I'm not saying you should reward such bad behaviour, but a lot of what Ross Greene is about is heading this stuff off at the pass. Turn off the meltdown before it happens.
In this case, you had ample warning that he was getting more desperate. You need to have some sort of plan in place, to help him regain control of himself. Helping him find a compromise you can all be happy with is a start. Sometimes asking him why the visit is so important can also sidetrack the immediate desperation as well as give you some vital information.
And the other big problem - sometimes we end up punishing the behaviour that we helped trigger.
Another example from my own childhood - I had been chosen by my school as one of two students to give a speech at a neighbouring school. We lived a long way out of town and I relied on my father to drive me there. I had told my parents but they forgot. My father was late home from work and I was getting anxious about possibly not getting to the neighbouring school on time. My mother was getting angry at my impatience, began to lecture me about taking my father for granted. I know now, she was probably anxious for his safety.
My sister lived next door and her husband offered to drive me there. He only had to drive me to the other girl's home, her father was going to drive us both there and due to the difficulties, they even offered to have me stay over and go to school with their daughter next morning. By this time my mother was angry with me and told me I wasn't to go, because I had failed in my responsibility to properly give them warning of my need to go. So even though I had the offer of transport, accommodation and (I thought) I had the problem solved, BECAUSE she was now angry with me for arguing about whether I had told them or not, I was to be punished. The fact that she had been helping me rehearse my speech seemed to slip her mind. I suspect she did remember that I had told them, but I hadn't made sure I kept reminding them, but the BIG thing - she had given an ultimatum (probably in the heat of the moment) and had backed herself into a corner.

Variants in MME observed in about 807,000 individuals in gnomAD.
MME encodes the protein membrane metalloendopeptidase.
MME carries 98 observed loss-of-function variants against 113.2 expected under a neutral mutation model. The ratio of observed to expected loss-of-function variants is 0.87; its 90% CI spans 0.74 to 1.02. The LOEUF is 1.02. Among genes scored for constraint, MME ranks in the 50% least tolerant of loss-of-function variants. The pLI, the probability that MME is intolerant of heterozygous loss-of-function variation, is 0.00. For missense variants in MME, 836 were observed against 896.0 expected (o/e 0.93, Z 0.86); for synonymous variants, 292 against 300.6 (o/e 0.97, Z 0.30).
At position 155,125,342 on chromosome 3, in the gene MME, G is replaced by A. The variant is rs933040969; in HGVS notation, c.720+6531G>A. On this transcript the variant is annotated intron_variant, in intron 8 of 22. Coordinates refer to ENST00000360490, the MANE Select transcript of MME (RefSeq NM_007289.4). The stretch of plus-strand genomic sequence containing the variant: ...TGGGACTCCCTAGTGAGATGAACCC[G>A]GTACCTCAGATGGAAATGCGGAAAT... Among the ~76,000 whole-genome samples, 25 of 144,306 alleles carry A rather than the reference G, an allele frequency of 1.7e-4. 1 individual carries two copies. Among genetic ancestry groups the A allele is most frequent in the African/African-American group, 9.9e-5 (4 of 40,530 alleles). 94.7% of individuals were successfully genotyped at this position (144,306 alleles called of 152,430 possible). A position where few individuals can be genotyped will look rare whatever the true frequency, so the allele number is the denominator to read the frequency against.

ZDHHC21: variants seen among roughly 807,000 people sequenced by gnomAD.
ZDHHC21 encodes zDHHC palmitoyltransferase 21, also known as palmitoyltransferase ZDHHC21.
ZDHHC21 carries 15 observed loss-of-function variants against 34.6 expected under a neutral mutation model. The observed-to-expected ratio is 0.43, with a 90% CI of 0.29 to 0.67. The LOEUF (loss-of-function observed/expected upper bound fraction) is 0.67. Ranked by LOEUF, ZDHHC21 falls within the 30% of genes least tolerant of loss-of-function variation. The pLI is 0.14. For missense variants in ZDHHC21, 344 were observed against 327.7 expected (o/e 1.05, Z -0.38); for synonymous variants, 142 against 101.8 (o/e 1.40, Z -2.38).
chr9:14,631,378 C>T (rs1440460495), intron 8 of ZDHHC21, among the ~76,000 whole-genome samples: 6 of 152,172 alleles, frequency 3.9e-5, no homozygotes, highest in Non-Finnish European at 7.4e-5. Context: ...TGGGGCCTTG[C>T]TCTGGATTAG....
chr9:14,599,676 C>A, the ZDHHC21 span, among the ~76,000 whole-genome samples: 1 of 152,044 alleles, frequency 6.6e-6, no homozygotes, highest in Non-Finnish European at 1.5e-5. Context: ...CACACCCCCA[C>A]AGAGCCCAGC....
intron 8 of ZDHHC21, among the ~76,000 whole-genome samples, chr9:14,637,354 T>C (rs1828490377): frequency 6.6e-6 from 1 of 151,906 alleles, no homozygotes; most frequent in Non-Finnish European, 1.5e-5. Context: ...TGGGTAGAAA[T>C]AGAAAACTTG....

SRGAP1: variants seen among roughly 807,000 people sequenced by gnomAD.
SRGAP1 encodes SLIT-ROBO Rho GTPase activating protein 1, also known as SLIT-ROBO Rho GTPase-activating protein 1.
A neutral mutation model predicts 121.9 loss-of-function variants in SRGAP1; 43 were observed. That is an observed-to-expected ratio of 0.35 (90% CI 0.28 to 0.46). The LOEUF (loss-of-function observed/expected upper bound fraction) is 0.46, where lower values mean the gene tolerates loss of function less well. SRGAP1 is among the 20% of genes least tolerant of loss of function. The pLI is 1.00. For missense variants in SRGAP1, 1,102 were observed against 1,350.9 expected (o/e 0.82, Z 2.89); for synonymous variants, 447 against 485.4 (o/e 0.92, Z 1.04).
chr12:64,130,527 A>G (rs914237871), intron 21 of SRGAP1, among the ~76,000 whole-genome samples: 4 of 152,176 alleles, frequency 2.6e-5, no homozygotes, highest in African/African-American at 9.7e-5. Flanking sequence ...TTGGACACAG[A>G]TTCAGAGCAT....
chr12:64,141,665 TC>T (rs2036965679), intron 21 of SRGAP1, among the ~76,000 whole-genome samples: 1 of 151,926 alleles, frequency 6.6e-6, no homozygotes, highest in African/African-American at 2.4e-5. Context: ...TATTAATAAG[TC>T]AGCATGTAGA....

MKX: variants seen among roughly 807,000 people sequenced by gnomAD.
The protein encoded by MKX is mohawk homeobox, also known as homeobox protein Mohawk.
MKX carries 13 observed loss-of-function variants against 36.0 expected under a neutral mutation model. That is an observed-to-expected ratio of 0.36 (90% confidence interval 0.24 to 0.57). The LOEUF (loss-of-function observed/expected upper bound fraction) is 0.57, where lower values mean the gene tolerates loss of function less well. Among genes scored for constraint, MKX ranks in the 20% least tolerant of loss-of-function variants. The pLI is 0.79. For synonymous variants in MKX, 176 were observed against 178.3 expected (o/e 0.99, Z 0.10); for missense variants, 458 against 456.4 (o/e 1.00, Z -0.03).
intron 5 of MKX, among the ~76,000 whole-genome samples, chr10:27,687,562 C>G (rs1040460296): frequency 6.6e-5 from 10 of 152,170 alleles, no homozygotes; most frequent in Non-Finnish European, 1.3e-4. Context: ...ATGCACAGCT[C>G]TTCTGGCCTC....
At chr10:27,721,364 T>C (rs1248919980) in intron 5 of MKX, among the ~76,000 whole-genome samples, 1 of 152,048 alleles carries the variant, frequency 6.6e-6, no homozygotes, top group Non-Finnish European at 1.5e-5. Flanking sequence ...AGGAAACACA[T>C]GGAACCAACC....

I didn't melt down (I don't think) but I did go visit my sister and cried on her shoulder for a few hours. And next day at school - I was snubbed by the teachers, for failing to show up without notice. I had absolutely no excuse they would accept, for what parent would fail to permit their child to represent the school? I clearly was not as responsible as the teachers had believed; nor was I truthful, in their eyes. My excuse simply didn't seem plausible.
My parents would have been horrified if they'd realised what they did that night. It went against everything they had ever taught me about responsibility, punctuality, organisation. But they also had a problem with accepting help from anybody and this also was a factor, I believe.
I was not a difficult child, not in that respect. But this was a huge problem which, in some ways, is similar to your son's. He had his own reason which FOR HIM was vital. In the cold light of day it probably wasn't so important - that's the Obsessive Compulsive Disorder (OCD), they get hold of an idea and can't let it go. But we need to be careful to not paint ourselves into a corner, and to not insist on being the authoritative figure, first and foremost. We need to listen, to think, to show them that we are doing this, and try to compromise. A shouting match needs two people. If the child shouts and the parent does not, it calms down a lot faster. And it's when they are calm, even if it has to be the next day, that we talk it out here.
I hope you can get to the bottom of what set your son off. it does sound like he's been making good progress lately.
by the way, has Pervasive Developmental Disorder (PDD) been thoroughly looked at in him?